A 5G iPhone is surely on the way, but it didn’t arrive with 2019’s iPhone 11 range, and Apple has been slow to adopt new network standards with its iPhone range in the past, so when can we expect the company to join the 5G revolution?
Do any of the current iPhone models support 5G?
No, none of Apple's current or previous iPhone models, including the iPhone 11 and iPhone 11 Pro, support 5G, and they never will because they require a hardware upgrade to connect to 5G networks.
The iPhone 11 Pro and iPhone 11 Pro Max do support Gigabit LTE though, which is a very fast form of 4G, which in this case uses 4x4 MIMO (meaning a greater number of antennas than standard 4G) and is capable of attaining peak download speeds of at least 1Gbps, or 1,000Mbps.
Technically the iPhone XS and iPhone XS Max are also capable of this. It’s not yet clear whether Apple has made any speed improvements for the 11 Pro models – the company may have moved on from Cat 16 to Cat 18 (which would allow peak speeds of up to 1.2Gbps) but Apple hasn’t confirmed this.
Even if they’re simply Cat 16 though, this potentially provides a two to three-fold increase in 4G network speeds compared to the iPhone X and iPhone XR, both of which pack lesser Cat 12 LTE modems. And if Apple has moved to Cat 18 then the iPhone 11 Pro range is faster still.
This elevated performance is starting to enter the orbit of 5G. However, real world speeds are still likely to be far lower than early 5G speeds, and current expectations are that true stand-alone 5G will ultimately offer speeds of up to 10 to 20 times as fast, and will incorporate a range of new technologies and spectrum frequencies that will dramatically improve response times and capacity.
The iPhone 11 Pro is fast, then. But it’s not at 5G speeds. And that’s a situation Apple should want to remedy soon, as a survey reported by Barron’s shows “strong interest” in a 5G iPhone, with 18% of participants saying they’d pay $1,200 for such a phone. In contrast, 2019’s 4G models seemed far less appealing to participants. So 5G could be a huge deal for Apple.
When will Apple launch an iPhone 5G?
At the time of writing (September 11) Apple just launched a new range of iPhones, but none of them support 5G, so consumers will likely have to wait until 2020 for the iPhone 5G to arrive.
Multiple analysts - including Ming-Chi Kuo, who has a great track record - have predicted as much, but even in 2020 it might not be widely available – Forbes predicts that “it could be that significant volumes may not be available until 2021”.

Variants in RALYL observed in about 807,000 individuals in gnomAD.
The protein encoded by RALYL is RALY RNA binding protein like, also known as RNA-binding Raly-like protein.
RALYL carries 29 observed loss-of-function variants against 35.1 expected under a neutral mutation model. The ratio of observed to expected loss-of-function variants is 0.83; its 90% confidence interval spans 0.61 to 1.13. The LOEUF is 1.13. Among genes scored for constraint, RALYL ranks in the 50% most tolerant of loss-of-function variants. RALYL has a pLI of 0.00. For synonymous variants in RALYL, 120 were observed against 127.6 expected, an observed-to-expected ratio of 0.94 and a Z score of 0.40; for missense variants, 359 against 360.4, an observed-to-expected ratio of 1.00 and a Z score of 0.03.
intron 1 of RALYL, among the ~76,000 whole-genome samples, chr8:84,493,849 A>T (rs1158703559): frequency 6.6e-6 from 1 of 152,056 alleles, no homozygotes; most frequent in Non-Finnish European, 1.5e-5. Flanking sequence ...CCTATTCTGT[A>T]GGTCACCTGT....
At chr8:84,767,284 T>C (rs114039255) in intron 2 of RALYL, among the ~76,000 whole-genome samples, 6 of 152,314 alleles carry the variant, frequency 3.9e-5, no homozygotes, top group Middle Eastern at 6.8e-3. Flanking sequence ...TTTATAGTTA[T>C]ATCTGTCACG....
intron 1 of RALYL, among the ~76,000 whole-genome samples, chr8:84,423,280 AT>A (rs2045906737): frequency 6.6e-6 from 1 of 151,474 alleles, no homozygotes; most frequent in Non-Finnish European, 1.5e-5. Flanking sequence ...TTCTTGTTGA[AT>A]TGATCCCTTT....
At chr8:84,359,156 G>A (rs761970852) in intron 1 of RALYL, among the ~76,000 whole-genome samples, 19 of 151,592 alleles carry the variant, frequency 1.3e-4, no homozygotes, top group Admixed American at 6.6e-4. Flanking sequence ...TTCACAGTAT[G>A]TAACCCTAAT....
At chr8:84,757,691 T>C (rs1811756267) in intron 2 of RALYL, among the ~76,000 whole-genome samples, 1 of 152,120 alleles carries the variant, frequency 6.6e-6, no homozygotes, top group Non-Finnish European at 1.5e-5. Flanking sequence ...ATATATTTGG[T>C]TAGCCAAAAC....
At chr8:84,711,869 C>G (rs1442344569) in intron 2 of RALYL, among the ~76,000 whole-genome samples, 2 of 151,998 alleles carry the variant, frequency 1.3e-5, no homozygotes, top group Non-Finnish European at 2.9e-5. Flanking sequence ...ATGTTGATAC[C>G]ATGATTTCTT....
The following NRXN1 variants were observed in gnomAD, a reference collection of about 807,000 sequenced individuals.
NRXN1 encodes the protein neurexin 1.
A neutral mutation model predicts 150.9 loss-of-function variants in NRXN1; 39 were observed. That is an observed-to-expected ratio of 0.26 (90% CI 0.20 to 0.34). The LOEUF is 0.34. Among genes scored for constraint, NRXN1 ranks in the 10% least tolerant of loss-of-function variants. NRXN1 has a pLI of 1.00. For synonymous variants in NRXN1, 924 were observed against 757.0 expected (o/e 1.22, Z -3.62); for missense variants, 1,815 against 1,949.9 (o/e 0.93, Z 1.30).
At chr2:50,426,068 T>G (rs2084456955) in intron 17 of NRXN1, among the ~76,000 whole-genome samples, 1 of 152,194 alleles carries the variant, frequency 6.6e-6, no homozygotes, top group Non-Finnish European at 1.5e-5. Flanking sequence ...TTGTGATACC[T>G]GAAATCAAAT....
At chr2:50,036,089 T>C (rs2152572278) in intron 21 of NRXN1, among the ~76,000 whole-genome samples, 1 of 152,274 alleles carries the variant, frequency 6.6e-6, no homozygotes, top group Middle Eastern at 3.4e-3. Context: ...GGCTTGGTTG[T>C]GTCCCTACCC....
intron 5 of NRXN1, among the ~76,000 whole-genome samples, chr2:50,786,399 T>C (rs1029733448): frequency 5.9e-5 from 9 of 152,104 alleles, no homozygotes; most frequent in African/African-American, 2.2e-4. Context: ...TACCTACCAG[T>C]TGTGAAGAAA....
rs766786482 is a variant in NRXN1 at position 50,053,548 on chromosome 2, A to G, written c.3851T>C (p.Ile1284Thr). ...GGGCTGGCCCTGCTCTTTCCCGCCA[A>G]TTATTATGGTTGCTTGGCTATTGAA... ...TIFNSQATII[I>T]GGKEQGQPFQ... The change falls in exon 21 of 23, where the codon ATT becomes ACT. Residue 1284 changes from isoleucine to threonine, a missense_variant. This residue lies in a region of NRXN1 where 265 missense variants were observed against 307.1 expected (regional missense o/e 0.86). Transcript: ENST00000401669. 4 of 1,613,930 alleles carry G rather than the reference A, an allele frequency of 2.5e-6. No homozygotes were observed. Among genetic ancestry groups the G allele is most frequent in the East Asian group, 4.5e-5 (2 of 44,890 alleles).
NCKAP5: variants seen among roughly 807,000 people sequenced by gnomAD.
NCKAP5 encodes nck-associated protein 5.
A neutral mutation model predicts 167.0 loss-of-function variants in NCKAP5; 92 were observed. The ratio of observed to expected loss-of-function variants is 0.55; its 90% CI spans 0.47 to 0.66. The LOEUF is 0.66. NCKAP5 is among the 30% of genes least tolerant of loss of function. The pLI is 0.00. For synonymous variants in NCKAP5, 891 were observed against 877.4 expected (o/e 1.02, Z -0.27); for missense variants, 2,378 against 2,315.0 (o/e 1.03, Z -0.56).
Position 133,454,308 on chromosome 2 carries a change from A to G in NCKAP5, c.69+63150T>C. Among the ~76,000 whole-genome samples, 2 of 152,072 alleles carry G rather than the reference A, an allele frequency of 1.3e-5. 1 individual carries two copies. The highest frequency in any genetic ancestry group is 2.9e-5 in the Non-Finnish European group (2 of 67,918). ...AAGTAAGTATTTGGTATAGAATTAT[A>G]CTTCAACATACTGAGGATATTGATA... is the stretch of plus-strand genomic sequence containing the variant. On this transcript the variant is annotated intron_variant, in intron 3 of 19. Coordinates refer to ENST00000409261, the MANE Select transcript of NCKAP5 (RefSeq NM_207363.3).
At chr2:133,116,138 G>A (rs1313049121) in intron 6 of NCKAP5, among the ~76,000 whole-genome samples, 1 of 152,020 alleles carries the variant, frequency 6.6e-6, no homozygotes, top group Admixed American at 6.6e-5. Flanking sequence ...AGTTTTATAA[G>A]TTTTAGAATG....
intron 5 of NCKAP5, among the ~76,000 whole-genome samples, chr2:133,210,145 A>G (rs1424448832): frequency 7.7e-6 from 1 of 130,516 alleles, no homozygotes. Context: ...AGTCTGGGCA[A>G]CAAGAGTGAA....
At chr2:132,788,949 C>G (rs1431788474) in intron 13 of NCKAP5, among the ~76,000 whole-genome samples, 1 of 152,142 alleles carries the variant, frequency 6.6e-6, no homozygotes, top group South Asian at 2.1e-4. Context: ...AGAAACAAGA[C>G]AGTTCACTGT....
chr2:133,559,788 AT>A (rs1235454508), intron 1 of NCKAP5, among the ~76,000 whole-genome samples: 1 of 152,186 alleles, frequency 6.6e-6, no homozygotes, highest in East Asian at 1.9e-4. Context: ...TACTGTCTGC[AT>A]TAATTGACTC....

However, Kuo has recently said that he expects all three 2020 iPhone models to support 5G, according to MacRumors, suggesting there will be no shortage of them.
This would also presumably mean there would be a relatively affordable 5G iPhone available then, alongside the pricier models. Kuo adds that he believes all three of them will support both mmWave and sub-6GHz spectrum, essentially meaning they’d support all possible 5G frequency bands.
However, while 2020 is looking likely, it is far from guaranteed. Cowen (an investment firm) has claimed that it might be too late for Qualcomm – which is making the modems - to get them ready in time for a 2020 launch, while UBS analyst Timothy Arcuri had previously said for example that "there is an increasing likelihood that Apple will not be able to launch a 5G iPhone next year " - though this was before Apple’s legal troubles with Qualcomm – which threatened to hold things up further - were fully resolved.
And while 2020’s 5G iPhones are set to use Qualcomm modems, further down the line Apple looks set to make its own, as it has acquired most of Intel’s smartphone modem business in a $1 billion deal.
An expected wait
The fact that we probably won’t get a 5G iPhone until late 2020 isn’t that surprising. While Apple often leads the way with its design innovations, it’s famously slow to adopt new third-party connection standards. Historically, the company tends to wait until new standards are relatively mature and well on their way to mass-market adoption before it considers implementing them.
Apple’s handling of the switch to 3G and 4G provides ample evidence of this. The company didn’t equip the first iPhone with 3G connectivity when it launched in 2007, despite the fact that the first commercially available 3G networks had gone live globally in 2002 and 2003. It wasn’t until the launch of the appropriately named iPhone 3G in 2008 that Apple adopted the by then well-established mobile network standard.
Apple was similarly late to the party when it came to 4G. By the time the 4G-ready iPhone 5 hit the market in 2012, consumers had already experienced around two years of 4G Android phone releases.
Even the aforementioned iPhone XS with its Cat 16 Gigabit LTE support arrived a good year and a half after the Samsung Galaxy S8 did likewise, and the iPhone 11 Pro doesn’t appear to have pushed things much if any further.
What other phones are 5G Ready?
A number of Android phones with 5G support are now available, including the Samsung Galaxy S10 5G, Samsung Galaxy Note 10 Plus 5G, OnePlus 7 Pro 5G, LG V50 ThinQ and more. Many others are also sure to arrive before the iPhone 5G.